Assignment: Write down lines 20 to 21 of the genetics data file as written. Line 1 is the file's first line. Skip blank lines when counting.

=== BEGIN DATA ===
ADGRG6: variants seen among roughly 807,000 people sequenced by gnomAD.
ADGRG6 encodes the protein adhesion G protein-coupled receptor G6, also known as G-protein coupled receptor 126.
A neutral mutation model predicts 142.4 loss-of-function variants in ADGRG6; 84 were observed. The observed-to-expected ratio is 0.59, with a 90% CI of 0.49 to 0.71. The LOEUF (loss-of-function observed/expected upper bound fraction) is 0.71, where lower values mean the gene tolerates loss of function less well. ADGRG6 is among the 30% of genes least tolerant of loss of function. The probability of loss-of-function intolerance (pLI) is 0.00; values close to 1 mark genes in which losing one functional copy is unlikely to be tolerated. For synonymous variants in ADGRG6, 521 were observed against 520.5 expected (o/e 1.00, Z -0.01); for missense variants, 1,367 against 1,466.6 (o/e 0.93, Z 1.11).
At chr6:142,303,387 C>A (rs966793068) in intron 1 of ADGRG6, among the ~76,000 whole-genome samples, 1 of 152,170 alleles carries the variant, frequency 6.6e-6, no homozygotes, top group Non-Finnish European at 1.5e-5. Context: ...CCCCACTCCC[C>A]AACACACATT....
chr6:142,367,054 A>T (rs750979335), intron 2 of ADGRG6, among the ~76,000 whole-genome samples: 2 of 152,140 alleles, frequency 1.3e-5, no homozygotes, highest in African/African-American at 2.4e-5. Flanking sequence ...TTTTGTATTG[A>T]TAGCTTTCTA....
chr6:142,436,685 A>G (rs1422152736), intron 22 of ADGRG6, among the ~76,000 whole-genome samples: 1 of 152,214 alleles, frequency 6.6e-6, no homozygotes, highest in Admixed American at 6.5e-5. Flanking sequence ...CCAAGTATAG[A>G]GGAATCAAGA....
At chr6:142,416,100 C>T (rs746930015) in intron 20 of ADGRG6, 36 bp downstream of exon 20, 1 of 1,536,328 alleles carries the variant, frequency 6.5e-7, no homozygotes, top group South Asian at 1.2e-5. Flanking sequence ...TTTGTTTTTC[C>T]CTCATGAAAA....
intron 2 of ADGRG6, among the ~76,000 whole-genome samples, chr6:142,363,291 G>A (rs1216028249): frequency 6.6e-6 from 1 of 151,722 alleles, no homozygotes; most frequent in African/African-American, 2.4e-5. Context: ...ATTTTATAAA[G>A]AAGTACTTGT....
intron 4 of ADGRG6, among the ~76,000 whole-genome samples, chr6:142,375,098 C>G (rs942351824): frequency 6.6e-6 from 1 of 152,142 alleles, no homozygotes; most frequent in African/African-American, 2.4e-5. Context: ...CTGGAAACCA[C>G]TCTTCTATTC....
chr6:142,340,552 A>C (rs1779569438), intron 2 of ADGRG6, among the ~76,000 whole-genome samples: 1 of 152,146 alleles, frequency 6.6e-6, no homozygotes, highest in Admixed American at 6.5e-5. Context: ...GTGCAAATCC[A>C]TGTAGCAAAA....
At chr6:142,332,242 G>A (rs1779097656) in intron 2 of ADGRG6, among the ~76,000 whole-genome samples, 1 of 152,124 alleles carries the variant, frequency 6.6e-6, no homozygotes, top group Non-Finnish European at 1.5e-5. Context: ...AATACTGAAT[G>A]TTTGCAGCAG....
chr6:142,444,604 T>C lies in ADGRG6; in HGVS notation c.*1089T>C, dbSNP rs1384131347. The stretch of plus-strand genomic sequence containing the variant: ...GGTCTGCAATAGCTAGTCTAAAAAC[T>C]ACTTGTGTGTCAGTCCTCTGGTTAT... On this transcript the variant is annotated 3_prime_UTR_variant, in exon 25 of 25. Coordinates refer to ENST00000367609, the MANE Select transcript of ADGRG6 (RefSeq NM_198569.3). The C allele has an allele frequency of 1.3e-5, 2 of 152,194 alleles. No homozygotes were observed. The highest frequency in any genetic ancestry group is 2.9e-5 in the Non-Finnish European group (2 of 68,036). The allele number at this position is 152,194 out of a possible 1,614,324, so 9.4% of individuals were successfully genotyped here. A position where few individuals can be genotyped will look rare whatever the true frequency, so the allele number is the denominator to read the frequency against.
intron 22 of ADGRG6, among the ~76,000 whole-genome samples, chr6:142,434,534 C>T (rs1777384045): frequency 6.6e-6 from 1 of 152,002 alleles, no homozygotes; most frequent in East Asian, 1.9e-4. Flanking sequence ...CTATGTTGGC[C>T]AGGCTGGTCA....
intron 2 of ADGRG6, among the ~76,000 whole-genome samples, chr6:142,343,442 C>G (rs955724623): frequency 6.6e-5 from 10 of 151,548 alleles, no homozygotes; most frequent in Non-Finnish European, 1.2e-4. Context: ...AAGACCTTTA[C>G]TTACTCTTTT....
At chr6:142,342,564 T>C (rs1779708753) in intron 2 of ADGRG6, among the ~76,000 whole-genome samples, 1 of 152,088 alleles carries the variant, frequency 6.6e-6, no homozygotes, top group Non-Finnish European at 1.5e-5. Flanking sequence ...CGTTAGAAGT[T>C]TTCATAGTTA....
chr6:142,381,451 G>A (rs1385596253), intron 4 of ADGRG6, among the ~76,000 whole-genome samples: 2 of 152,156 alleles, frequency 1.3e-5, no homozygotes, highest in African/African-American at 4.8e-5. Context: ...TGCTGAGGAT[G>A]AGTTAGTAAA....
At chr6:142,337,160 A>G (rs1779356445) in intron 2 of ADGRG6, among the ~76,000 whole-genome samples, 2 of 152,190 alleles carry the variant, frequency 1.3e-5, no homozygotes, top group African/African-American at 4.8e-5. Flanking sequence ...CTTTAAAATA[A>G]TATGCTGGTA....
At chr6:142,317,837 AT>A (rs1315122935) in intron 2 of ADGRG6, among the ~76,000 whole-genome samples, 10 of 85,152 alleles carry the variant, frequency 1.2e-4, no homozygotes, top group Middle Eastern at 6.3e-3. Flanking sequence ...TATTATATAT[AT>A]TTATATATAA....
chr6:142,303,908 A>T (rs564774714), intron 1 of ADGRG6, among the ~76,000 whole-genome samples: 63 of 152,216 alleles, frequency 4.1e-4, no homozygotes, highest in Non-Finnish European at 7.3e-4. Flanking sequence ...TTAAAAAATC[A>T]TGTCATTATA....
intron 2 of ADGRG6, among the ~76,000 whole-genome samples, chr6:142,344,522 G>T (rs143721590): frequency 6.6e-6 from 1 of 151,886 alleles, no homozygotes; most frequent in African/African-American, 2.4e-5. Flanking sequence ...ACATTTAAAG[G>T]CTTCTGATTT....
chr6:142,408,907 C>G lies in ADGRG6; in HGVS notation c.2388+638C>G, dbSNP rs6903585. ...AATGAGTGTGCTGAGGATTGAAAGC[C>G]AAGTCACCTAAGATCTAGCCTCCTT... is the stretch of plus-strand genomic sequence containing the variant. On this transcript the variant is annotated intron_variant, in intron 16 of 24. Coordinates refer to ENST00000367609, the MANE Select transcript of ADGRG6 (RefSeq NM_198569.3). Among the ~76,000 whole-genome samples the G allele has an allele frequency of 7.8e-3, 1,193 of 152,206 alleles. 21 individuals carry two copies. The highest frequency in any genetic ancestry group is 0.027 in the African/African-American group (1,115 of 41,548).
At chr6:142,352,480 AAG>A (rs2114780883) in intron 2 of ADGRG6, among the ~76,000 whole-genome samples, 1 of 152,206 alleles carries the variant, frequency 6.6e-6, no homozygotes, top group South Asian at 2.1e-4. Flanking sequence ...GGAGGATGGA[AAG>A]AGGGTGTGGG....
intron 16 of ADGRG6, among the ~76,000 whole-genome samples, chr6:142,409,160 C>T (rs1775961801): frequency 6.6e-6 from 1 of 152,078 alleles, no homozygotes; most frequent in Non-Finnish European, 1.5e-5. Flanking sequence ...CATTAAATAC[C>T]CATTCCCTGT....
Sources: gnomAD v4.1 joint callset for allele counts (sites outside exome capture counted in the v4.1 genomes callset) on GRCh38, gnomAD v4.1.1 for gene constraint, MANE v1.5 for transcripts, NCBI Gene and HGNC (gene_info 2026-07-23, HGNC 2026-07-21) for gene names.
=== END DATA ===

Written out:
intron 2 of ADGRG6, among the ~76,000 whole-genome samples, chr6:142,344,522 G>T (rs143721590): frequency 6.6e-6 from 1 of 151,886 alleles, no homozygotes; most frequent in African/African-American, 2.4e-5. Flanking sequence ...ACATTTAAAG[G>T]CTTCTGATTT....
chr6:142,408,907 C>G lies in ADGRG6; in HGVS notation c.2388+638C>G, dbSNP rs6903585. ...AATGAGTGTGCTGAGGATTGAAAGC[C>G]AAGTCACCTAAGATCTAGCCTCCTT... is the stretch of plus-strand genomic sequence containing the variant. On this transcript the variant is annotated intron_variant, in intron 16 of 24. Coordinates refer to ENST00000367609, the MANE Select transcript of ADGRG6 (RefSeq NM_198569.3). Among the ~76,000 whole-genome samples the G allele has an allele frequency of 7.8e-3, 1,193 of 152,206 alleles. 21 individuals carry two copies. The highest frequency in any genetic ancestry group is 0.027 in the African/African-American group (1,115 of 41,548).